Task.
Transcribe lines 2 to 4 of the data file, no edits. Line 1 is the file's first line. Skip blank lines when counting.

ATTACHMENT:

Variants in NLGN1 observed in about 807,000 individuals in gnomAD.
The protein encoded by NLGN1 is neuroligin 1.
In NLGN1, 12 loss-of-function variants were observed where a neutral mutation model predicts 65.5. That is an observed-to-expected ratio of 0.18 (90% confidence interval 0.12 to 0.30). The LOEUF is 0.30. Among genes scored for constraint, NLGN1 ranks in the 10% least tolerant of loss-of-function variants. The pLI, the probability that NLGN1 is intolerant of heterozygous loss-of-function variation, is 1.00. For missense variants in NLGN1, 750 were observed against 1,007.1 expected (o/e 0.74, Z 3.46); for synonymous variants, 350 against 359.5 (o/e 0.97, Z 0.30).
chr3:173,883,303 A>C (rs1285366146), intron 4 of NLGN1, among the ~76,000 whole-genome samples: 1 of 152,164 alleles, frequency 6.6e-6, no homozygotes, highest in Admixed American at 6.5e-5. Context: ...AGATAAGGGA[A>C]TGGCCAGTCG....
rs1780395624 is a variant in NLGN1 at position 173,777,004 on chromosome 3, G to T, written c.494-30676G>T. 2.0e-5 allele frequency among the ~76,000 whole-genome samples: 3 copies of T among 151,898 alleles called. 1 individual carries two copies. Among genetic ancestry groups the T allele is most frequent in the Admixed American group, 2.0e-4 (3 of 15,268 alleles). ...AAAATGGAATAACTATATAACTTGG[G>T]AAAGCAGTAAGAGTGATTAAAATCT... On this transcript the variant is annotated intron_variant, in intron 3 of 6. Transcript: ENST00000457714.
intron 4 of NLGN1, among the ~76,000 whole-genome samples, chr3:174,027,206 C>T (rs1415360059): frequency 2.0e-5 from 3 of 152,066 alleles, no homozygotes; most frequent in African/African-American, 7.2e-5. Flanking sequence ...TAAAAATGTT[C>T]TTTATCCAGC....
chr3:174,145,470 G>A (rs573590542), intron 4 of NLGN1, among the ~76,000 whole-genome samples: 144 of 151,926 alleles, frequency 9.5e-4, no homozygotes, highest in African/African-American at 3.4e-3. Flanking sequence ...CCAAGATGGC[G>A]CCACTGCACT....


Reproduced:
The protein encoded by NLGN1 is neuroligin 1.
In NLGN1, 12 loss-of-function variants were observed where a neutral mutation model predicts 65.5. That is an observed-to-expected ratio of 0.18 (90% confidence interval 0.12 to 0.30). The LOEUF is 0.30. Among genes scored for constraint, NLGN1 ranks in the 10% least tolerant of loss-of-function variants. The pLI, the probability that NLGN1 is intolerant of heterozygous loss-of-function variation, is 1.00. For missense variants in NLGN1, 750 were observed against 1,007.1 expected (o/e 0.74, Z 3.46); for synonymous variants, 350 against 359.5 (o/e 0.97, Z 0.30).
chr3:173,883,303 A>C (rs1285366146), intron 4 of NLGN1, among the ~76,000 whole-genome samples: 1 of 152,164 alleles, frequency 6.6e-6, no homozygotes, highest in Admixed American at 6.5e-5. Context: ...AGATAAGGGA[A>C]TGGCCAGTCG....